HORRY COUNTY, SC (WMBF) – Bikefest 2017 plans are mostly status quo due to the extensive planning following Bikefest 2014, Horry County Emergency Management Director Randy Webster said.
"Look for almost the exact same footprint as last year," Webster said. "(It will be the) same locations for officers to be at, same with outside the city along the Restaurant Row area. We'll be there again just like last year. The loop will be the same."
All of the time spent at task force and community meetings before Bikefest 2015 is still paying off.
"Looking at each year, there's been an improvement in the safety side of it," Webster said. "Each year stands on its own. Right now, there's nothing to tell me that we need to go in any different direction."
Only two Bikefest Task Force meetings are scheduled this year, compared to monthly meetings in 2016.
"Since we're continuing on with where we left off, there's not a need to bring everybody in every month just to stand there and make sure everything is the same," Webster said.
However, Webster said individual agencies have been meeting to finalize their plans.
"Everybody understands what's at stake," he said. "We want to have a safe event. We want folks to have a great time, so part of that continual planning even on a subcommittee scale keeps everybody fresh and keeps everybody talking and keeps everything moving together so you do not get complacent and pull out the plan the week beforehand and say, 'Here we go.' That's a recipe for disaster."
The same traffic loop will be in place from 10 p.m. to 2 a.m. Friday through Sunday to keep traffic moving.
"We do look at it each and every year to see if there does need to be a change or warrants a change," Webster said. "From what I've received back from the law enforcement side, they're happy to keep it the way it is."
Some upcoming improvements are to internal communications as well as traffic flow in and out of the Myrtle Beach International Airport during the loop times.
To fix the problems at the airport, signage will increase and additional people will be assigned to work with those at the airport and communicate with the emergency operations center and the law enforcement command center, according to Webster.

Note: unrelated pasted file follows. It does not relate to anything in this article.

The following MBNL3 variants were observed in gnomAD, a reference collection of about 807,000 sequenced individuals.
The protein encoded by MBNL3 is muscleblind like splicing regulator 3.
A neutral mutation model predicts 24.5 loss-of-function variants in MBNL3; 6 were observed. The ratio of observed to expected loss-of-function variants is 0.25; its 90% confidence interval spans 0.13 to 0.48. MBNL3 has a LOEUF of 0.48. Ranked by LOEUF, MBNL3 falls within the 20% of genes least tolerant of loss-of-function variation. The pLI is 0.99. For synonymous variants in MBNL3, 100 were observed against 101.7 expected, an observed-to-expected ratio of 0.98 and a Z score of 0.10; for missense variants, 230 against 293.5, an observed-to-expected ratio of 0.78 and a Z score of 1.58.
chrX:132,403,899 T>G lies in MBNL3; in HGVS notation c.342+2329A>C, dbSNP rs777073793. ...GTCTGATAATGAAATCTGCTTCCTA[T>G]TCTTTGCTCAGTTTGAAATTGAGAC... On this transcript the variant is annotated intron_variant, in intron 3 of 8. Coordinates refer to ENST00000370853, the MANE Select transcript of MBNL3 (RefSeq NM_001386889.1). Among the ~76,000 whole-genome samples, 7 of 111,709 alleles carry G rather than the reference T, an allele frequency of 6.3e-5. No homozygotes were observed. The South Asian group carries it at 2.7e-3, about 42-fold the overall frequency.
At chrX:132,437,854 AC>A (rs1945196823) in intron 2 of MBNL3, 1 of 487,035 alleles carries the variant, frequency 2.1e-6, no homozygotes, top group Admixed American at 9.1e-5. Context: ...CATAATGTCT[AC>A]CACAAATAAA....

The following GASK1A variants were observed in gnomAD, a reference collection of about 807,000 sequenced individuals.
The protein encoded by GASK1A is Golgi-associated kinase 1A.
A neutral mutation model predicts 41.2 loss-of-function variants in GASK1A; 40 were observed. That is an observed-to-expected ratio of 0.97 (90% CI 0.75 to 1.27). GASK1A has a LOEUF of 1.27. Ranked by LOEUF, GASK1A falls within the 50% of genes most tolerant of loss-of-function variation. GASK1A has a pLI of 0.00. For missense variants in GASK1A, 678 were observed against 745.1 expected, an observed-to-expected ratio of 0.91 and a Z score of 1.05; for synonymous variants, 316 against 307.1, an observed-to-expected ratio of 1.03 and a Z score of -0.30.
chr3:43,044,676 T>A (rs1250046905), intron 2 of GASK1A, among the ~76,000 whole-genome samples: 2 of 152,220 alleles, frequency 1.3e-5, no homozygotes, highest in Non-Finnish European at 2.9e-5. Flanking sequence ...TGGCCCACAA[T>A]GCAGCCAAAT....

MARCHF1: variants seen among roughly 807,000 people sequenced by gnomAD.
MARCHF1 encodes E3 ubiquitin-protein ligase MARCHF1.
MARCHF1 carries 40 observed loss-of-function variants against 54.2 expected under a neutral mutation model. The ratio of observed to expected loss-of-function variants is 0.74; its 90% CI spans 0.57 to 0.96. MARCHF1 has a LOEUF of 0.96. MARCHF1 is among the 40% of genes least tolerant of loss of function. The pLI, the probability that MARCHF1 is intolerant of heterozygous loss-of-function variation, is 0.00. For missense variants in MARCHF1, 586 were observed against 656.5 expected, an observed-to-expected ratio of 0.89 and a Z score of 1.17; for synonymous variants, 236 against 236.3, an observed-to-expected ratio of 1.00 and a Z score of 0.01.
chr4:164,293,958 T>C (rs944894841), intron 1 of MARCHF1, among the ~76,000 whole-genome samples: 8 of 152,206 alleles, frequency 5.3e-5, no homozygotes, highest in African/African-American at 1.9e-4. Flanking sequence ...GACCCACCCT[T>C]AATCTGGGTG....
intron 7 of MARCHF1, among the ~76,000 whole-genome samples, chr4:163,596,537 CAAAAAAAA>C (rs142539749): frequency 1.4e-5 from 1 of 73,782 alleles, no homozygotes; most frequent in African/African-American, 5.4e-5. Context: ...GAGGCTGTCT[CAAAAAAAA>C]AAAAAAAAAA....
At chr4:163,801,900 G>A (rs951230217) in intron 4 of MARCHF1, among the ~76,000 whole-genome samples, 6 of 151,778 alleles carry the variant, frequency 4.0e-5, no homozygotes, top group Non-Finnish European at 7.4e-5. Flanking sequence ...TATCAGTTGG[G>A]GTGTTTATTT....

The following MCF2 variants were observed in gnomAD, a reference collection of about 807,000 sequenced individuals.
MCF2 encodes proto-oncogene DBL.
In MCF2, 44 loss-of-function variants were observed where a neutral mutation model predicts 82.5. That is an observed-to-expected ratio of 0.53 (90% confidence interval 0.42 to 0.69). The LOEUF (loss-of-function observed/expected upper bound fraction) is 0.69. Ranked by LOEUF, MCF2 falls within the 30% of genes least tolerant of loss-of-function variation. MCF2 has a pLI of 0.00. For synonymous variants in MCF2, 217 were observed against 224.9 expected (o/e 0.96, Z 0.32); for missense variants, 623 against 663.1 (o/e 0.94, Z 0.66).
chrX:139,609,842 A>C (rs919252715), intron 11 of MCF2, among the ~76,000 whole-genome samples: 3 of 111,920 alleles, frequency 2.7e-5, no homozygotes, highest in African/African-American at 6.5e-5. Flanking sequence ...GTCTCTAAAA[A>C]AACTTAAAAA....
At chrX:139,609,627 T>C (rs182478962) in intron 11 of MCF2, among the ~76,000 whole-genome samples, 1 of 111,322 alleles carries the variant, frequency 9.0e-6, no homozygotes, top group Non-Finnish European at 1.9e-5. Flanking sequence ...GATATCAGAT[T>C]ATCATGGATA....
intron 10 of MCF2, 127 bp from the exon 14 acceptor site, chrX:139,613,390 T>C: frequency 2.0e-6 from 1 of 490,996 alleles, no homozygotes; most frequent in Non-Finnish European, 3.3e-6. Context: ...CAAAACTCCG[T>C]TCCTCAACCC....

"We've taken some extra strides to help in communication, getting additional folks there to help make sure people can leave the airport on time, get into the airport on time, pick people up that need to go," he said.
Myrtle Beach Police Lt. Joey Crosby said planning started right after Bikefest last year for this year's event and it will continue until Bikefest 2017 begins.
"I think anytime the city has a special event, we do a good job critiquing that event and seeing how can we improve and make things better," Crosby said. "Each and every year, for every event, we do that to determine do we need additional resources, is there extra equipment, notifying the public a little bit better about how the road closures may be affecting them."
According to Crosby, the department has been having meetings to go through operations from last year and figure out what needs to be improved upon.
He said letters were sent out over the winter to other law enforcement agencies requesting their assistance with Bikefest. The MBPD is getting those letters back now from departments saying they'll be sending officers this way.
At the last city council meeting, Assistant Chief Amy Prock said additional signage will go up within communities and also on the U.S. 17 Bypass and Harrelson Boulevard to help with airport traffic.
She said an officer who works with taxis throughout the year will be assigned to the airport to help with the traffic loop as well.
Prock also mentioned plans to have information lines this year, which someone can call to get information instead of those calls going to dispatch.
At Tuesday night's Horry County Council meeting, a woman giving public comment suggested the county consider defunding financial support for extra police during Bikefest as one way to pressure the city of Myrtle Beach to make accommodations for county residents to park along the beach.
Councilman Dennis DiSabato said withholding public safety resources isn't a viable option. He added there are other options, but he can't talk about them right now.
DiSabato said people should hear more about what the county's options are when Horry County Council Chairman Mark Lazarus goes to Myrtle Beach City Council's next meeting on Tuesday.
At that city council meeting, Lazarus plans to ask once again for the $100 non-resident parking pass for Myrtle Beach to be used in all metered locations in the city and include the Golden Mile, county spokesperson Lisa Bourcier said.